There’s a strange air at gigs of bands who hit their commercial peak in the ‘90s but never broke up. It’s the oddity that always being around never created more demand, that their availability didn’t spark the imaginations of a younger generation who could only hypothesize what it would be like to see them play live, that the devoted are the same devoted of 25 years ago.
And with that in mind, the vibe at Teenage Fanclub’s Vega show is curiously energized. These are the same devoted of 25 years ago, middle-aged or closing in on it fast, but they aren’t stuck in the early ‘90s. These are people who know the words to the songs from 2016’s Here, who call repeatedly for “Baby Lee” (which doesn’t get played), who erupt when the band plays “It’s All in My Mind.” They’re the sort of crowd who have seen this band many times before and know the earliest work is saved for the very end of the set and wait patiently to hear it.
Teenage Fanclub themselves hit on a signature sound somewhere around the release of Grand Prix, and their new songs blend seamlessly with the old. It helps that over the years they’ve all become stronger singers, stronger players, and have found a place for their keyboardist/third guitarist to add an extra, shimmering layer to every song. It’s not a flashy or visually stimulating set, but it’s technically solid and full of positivity.
Norman Blake in particular looks incredibly happy with his lot in life. He’s not bothered by the middle-aged couple down front talking selfies with the band behind them, nor is he fussed by the woman in a red dress who jumps up on stage towards the end of the set. All of the band look perplexed, but the woman, dancing around the stage, isn’t being obnoxious, isn’t getting in the way, isn’t trying to assault the band, so everyone lets it slide. She dances with their guitar tech and when the song ends gives a courtly hand to Blake, who looks amused and charmed. It’s about the least embarrassing way that scenario could have played out.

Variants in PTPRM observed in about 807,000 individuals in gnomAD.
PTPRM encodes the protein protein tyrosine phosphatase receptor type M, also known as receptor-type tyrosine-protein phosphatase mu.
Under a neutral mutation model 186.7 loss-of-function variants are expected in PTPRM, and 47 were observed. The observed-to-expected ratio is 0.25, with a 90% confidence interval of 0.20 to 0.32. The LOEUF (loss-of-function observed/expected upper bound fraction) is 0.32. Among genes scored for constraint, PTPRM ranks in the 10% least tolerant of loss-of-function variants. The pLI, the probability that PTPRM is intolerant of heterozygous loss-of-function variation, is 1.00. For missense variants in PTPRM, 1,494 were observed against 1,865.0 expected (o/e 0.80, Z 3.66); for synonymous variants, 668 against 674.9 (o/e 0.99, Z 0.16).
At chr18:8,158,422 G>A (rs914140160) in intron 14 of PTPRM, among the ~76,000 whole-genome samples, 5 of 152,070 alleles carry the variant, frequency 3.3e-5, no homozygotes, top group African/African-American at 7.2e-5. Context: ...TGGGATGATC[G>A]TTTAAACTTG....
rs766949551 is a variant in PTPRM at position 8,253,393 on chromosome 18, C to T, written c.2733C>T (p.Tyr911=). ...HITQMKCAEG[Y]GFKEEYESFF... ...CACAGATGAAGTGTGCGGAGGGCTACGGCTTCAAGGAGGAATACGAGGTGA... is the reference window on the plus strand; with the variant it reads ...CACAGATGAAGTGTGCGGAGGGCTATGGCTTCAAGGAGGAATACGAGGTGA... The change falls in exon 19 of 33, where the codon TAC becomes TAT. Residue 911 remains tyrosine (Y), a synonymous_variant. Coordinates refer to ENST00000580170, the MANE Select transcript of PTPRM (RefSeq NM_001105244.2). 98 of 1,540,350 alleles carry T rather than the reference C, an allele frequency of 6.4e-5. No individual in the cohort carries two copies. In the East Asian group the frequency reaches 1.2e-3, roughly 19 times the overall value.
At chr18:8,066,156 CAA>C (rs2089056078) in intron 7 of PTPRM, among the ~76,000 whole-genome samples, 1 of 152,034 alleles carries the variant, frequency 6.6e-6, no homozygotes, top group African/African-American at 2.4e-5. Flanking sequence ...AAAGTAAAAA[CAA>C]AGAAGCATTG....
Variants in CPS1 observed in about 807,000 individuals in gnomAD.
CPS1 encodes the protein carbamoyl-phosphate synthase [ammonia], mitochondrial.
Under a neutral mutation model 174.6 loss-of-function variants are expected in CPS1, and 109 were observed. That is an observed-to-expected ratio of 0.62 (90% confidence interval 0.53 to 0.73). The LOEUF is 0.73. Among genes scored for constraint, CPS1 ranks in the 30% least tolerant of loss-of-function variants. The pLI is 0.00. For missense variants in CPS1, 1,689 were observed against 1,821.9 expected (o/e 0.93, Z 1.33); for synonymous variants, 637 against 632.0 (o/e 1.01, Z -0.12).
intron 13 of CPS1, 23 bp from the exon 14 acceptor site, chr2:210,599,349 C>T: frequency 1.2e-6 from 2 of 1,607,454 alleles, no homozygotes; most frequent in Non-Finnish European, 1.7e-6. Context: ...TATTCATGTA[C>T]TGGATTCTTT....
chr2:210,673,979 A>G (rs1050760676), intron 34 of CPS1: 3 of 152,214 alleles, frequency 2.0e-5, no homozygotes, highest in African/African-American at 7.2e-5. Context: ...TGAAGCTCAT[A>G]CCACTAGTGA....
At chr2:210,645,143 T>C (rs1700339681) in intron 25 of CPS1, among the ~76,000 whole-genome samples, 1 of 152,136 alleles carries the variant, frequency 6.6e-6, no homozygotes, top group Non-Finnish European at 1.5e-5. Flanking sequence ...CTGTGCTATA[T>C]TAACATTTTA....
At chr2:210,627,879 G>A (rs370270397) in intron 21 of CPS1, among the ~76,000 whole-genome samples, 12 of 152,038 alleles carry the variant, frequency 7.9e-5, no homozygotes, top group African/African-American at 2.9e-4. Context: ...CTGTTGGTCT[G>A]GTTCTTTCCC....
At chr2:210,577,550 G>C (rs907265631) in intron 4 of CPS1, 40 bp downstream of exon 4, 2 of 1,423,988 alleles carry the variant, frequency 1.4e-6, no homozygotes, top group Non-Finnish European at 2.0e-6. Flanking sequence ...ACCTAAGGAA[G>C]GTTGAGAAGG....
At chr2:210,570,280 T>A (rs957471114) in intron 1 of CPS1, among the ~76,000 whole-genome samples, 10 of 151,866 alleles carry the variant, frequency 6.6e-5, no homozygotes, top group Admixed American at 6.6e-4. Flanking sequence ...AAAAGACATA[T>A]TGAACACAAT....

The lead up to the end of the evening rolls back the clock through “The Concept” and “Star Sign” before landing on their debut single, “Everything Flows.” If you’ve listened to the album version of “Everything Flows,” it’s easy to appreciate how much more tuneful the live performance is, how they’ve learned to build on the foundations of what their music was then but retain the raw, ramshackle energy that made it exciting in the first place. It’s a little emotional to watch because even if you as an individual do not have that attachment, everyone around you does. The band does. And it’s a good moment.